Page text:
While Twitter cracks down on ISIS propaganda following the execution of journalist James Foley, another social network admits it can't stop militants from migrating to its site.
The team behind Diaspora, a social network without any central leadership, said they were "concerned" about propaganda on their social network, but added that there is little they can do to stop it.
"There is no central server, and there is therefore no way for the project's core team to manipulate or remove contents from a particular node in the network (which we call a 'pod'). This may be one of the reasons which attracted IS activists to our network," a post on the social network's website said.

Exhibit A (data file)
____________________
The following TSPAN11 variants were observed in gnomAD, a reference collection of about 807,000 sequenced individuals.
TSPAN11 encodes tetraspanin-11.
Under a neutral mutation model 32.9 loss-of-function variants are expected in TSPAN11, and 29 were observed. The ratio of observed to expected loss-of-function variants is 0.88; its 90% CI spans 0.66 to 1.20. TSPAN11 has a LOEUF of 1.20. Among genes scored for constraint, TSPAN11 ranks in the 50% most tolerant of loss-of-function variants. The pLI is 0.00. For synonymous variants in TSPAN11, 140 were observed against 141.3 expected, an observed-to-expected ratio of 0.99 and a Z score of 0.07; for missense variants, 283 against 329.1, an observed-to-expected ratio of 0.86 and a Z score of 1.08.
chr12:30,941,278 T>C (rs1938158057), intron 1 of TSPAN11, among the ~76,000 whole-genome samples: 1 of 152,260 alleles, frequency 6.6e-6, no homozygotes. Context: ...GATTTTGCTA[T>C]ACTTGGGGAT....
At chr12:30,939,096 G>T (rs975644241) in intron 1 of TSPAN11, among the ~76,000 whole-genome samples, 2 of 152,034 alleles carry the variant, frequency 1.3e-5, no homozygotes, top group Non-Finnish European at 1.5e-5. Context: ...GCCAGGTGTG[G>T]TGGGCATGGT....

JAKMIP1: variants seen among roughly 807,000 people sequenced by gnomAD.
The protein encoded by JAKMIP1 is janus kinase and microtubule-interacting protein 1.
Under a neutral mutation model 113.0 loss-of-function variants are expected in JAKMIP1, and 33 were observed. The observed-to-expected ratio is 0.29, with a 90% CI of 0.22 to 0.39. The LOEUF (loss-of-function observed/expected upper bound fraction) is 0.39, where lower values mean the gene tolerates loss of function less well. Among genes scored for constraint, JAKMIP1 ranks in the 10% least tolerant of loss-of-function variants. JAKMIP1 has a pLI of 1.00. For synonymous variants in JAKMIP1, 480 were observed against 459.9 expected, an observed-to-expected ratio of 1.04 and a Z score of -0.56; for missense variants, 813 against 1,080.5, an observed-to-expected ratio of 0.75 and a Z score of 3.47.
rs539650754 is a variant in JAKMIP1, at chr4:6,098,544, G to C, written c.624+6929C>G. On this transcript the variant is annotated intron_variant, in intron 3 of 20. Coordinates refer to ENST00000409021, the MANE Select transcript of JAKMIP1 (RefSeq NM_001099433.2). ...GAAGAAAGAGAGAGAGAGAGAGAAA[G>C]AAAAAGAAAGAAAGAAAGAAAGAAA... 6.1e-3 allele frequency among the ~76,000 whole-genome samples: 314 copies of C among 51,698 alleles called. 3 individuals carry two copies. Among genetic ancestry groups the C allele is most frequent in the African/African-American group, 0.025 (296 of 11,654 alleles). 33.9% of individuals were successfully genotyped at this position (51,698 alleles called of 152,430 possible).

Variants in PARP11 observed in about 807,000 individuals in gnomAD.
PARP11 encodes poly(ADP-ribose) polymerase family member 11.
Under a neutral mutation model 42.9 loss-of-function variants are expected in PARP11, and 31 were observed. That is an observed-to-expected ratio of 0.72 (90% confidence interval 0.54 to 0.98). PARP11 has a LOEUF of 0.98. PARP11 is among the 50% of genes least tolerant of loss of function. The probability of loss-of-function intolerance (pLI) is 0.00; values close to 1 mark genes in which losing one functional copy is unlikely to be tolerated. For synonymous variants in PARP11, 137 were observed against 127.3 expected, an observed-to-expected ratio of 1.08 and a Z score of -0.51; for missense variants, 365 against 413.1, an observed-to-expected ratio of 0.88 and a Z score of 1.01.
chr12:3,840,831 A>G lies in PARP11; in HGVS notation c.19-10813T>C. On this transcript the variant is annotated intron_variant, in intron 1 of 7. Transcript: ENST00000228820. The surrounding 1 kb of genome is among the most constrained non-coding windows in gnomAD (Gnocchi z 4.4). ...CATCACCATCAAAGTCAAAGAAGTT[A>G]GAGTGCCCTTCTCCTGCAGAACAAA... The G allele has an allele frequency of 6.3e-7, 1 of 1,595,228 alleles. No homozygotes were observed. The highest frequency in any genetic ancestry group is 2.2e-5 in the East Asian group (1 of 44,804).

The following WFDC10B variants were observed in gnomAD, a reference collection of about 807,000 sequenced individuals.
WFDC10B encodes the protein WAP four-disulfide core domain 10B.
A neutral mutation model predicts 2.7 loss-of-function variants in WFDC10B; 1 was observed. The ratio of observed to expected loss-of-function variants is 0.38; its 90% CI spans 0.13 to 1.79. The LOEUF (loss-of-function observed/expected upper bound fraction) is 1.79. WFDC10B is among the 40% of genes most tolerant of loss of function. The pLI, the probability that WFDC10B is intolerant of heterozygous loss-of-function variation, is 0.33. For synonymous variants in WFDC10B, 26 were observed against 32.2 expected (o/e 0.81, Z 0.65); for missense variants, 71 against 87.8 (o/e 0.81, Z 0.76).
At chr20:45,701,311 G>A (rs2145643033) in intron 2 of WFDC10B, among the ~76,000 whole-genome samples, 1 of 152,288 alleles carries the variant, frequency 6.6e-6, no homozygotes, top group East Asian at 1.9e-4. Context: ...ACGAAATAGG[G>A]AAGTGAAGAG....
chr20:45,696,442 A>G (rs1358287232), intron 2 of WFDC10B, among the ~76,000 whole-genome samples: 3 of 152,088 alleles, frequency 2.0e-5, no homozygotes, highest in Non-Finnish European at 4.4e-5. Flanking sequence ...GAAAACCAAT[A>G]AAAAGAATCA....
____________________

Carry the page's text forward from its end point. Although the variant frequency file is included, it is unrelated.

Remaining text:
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The site runs on free open source software and allows groups to be divided into pods. Each pod has an administrator and full autonomy to use it however they choose.
Diaspora's creators said they have made a list of accounts related to ISIS fighters and are talking to the administrators of each pod. The diplomatic approach has worked so far for the larger pods, which have followed up by removing ISIS related accounts and posts, according to Diaspora.
With ISIS related content dispersed over "a large number of pods," it remained unclear if there was anything else the site's creators could do to stamp out propaganda.
Diaspora was launched in 2010 after a crowd-funding campaign spearheaded by four students in New York.
Twitter had previously been a popular place for ISIS fighters and supporters. However, after gruesome images of journalist James Foley's beheading spread on Twitter earlier this week, the social network said it was actively suspending accounts that showed the graphic imagery.
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